Once the module paths are defined, all the developer needs to do is press F5 on his or her project, and the state of the program as you had it on your machine will be displayed. He or she will not be able to continue execution, but will be able to examine its state, and view callstacks to figure out any problems.

No More Additional DLLs

Another new feature improvement is that now you do not need to specify additional DLLs to set breakpoints in DLLs on processes running on your local or remote machine. Visual Studio .NET now dynamically binds the breakpoints to the DLL as soon as it detects that the DLL loads. All you need to do is press F9, or set a breakpoint in the code you want to debug, and the debugger binds it when the DLL loads.

Note   When you add the breakpoint, you might see a question mark in it. This is a warning breakpoint. It means that the code at that location has not been loaded. When the code is loaded in the future, as it is with DLLs, this breakpoint will become solid.

Detaching from a Process

In the past, Visual C++ applications that were being debugged were terminated when you chose to stop debugging. You can now detach the native debugger from applications from Visual Studio .NET loaded on Microsoft® Windows® XP. On Microsoft® Windows NT® 4.0 and Microsoft® Windows® 2000 operating systems, you can have this behavior as well, but you need to start a service on your machine to achieve it. From the Services dialog box, find and start the Visual Studio Debugger Proxy Service. Once this service has started, attach or launch your process. You can then detach from native processes on these operating systems.

Stepping Into Specific Functions

Another cool, albeit hidden, feature of the debugger is the ability to step into a specific function. When you are at a line with multiple nested functions, or a function call, that will cause you to step into a constructor, right-click on the line, and select Step Into Specific from the shortcut menu. This will enable you to select which specific function you want to step into. You can thus avoid stepping into constructor code you don't care about, and instead go directly to the function you want to debug.

Figure 1. Step Into Specific

TSQL Debugging

One of the lesser-known features of Visual Studio is its ability to debug stored procedures, functions, and triggers in SQL Server 7.0 and 2000. This is a feature of the Enterprise edition of Visual Studio .NET.

There are two ways to debug TSQL routines:

  • Through Server Explorer

    Connect to the database through Server Explorer. Open the stored procedure you want, right–click, and select the Step Into command. Voila! You should step into the stored procedure and be able to see it execute as it goes.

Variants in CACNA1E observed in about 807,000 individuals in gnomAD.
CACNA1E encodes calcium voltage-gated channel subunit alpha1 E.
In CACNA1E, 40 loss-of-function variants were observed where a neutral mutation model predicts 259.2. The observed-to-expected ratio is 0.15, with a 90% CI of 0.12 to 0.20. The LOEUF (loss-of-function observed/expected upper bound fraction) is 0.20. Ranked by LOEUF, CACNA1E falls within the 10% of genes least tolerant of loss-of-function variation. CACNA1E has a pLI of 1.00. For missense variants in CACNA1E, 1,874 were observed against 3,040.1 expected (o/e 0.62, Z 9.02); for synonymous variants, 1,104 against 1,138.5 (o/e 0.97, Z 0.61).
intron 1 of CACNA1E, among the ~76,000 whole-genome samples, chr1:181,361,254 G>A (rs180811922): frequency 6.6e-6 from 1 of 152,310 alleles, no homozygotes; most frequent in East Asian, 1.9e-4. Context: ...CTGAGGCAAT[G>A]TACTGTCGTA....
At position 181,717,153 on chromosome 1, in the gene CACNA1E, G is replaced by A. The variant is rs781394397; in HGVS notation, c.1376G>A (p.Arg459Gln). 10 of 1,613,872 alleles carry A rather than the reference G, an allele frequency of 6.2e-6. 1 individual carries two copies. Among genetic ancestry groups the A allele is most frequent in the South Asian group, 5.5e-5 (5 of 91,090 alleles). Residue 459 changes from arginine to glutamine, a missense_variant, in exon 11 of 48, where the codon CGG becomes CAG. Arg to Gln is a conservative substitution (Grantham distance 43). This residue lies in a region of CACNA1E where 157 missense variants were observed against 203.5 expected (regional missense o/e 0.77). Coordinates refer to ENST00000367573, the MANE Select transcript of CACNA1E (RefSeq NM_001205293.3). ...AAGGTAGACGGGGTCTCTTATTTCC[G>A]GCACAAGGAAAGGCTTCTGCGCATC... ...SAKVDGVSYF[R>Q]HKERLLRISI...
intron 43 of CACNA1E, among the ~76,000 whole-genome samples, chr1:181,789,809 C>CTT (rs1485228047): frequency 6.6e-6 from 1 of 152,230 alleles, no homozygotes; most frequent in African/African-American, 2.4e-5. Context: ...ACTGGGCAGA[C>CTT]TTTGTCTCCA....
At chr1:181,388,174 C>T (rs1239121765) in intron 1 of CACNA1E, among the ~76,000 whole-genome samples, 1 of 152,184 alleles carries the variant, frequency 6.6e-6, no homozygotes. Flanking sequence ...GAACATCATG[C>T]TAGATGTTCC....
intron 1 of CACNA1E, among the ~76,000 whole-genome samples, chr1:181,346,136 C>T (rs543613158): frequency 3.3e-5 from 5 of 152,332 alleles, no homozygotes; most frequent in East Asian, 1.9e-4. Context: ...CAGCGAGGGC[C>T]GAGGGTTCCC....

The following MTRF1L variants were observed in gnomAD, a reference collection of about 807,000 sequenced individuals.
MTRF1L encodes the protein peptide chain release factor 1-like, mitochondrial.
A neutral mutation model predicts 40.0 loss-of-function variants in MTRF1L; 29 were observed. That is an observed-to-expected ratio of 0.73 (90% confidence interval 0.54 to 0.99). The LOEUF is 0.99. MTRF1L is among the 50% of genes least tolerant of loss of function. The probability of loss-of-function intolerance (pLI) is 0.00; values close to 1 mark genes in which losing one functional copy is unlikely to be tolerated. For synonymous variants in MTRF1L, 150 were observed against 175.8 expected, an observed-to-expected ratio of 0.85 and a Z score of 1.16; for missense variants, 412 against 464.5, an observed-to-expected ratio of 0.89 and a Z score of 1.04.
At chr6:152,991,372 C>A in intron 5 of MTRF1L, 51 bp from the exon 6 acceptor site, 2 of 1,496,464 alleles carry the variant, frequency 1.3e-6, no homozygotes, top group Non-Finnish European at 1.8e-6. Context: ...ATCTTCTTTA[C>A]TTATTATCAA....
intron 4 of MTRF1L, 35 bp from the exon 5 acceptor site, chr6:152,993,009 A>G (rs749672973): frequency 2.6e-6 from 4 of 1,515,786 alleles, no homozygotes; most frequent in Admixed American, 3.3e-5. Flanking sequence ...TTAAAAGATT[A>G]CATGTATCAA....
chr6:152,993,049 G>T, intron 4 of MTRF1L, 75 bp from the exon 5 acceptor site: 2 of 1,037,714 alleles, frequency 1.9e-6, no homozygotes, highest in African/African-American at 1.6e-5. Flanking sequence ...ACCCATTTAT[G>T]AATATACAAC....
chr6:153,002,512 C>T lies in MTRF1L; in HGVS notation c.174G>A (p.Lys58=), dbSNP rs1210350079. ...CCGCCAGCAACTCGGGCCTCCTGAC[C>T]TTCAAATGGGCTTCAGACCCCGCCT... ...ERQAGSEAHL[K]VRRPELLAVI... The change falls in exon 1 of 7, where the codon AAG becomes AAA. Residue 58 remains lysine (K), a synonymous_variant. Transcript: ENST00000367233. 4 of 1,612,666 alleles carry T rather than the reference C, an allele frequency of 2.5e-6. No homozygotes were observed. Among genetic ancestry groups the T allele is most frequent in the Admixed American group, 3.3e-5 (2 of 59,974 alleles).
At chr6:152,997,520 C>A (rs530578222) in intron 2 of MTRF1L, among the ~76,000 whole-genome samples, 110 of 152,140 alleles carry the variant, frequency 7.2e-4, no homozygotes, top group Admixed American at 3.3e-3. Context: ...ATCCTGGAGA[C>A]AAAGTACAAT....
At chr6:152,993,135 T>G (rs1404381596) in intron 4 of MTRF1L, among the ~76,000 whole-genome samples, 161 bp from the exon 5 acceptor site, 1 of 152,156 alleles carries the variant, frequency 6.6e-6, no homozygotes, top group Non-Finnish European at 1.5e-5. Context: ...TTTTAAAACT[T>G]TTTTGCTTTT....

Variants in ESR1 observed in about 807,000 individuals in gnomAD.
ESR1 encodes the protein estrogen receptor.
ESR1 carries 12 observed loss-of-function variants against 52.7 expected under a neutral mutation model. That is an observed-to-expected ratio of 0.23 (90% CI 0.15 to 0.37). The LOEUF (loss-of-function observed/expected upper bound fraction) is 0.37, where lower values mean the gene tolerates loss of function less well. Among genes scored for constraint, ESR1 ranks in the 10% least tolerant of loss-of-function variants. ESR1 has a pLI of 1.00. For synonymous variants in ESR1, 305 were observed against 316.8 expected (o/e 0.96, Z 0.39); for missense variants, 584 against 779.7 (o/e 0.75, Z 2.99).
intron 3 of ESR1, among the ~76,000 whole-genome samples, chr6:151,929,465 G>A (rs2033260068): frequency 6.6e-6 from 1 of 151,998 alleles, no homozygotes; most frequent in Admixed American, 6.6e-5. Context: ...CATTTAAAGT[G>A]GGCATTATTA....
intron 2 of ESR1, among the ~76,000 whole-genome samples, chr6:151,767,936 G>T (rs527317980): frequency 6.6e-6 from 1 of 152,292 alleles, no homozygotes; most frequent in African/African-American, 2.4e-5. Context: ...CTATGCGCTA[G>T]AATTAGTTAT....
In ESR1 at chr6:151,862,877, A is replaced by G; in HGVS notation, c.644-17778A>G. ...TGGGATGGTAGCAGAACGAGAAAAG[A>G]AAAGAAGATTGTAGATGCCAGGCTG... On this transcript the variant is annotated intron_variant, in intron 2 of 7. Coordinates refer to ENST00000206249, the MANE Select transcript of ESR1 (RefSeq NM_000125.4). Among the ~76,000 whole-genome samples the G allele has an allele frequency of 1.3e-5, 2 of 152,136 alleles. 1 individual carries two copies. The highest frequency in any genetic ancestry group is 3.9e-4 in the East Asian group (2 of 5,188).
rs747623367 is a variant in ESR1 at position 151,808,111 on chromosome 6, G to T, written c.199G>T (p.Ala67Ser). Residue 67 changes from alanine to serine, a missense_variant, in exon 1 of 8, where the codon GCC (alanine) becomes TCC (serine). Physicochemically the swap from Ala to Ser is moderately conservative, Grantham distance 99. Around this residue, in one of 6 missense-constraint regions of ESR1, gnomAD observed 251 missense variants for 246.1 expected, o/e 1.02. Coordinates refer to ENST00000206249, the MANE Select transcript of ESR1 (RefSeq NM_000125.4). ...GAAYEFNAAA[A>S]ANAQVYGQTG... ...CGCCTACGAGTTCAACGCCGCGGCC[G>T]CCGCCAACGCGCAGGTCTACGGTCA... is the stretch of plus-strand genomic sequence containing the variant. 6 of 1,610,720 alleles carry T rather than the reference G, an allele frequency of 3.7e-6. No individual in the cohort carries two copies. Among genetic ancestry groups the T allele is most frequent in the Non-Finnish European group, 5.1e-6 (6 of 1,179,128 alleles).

• By hitting breakpoints in stored procedures called from an application

    Another technique is to debug your stored procedure as it is called through a client application. To do this, you need to enable SQL debugging in your client project that calls the stored procedures. This is an option you set in your project properties under the Debugging node in Configuration Properties. Once the application has started, open the TSQL routine code in Server Explorer, and set a breakpoint in it. Press F5 on your application to hit the breakpoint in Server Explorer. This method of debugging also works for Web applications that call SQL Server stored procedures.

Automation Model

Visual Studio .NET comes with a powerful automation model. This model allows you to write powerful macros that automate your daily tasks in the environment. The Visual Studio .NET debugger also exposes automation interfaces that let you programmatically access various pieces of debugging information, such as the current running program, its callstacks, threads, and so on. Visual Studio .NET includes a set of sample macros that can be seen by opening the Samples node in the Macro Explorer tree. Under the VSDebugger samples you will see several samples that use the Debugger Automation model. One of my favorites is DumpStacks — a sample that can be used to get the current callstacks associated with all threads in our application. This information is particularly useful in bug reports.

Remote Debugging Components Install

Frequently, users want to remotely debug an application running on a separate machine. Visual Studio .NET provides a smaller subset of components that, when installed on a remote machine, and once you give yourself sufficient privileges, allows you to remotely debug processes on that machine. This installation is extremely useful when you do not want to install the entire Visual Studio .NET onto a remote machine. The installation of these components is started with the Remote Components Setup link at the bottom of the Visual Studio .NET Setup page of the CD. Clicking this link allows you to install remote debugging components for all languages that use DCOM to communicate with the debugger, or just C++ only (if you prefer the Visual C++ 6.0 method of remote debugging over TCP/IP).

Conclusion

This is a short list of new debugging features offered in Visual Studio .NET. There are numerous other productivity features discussed in detail in the documentation provided in Visual Studio .NET. We hope you have a great experience using the Visual Studio .NET debugger when developing your next killer application.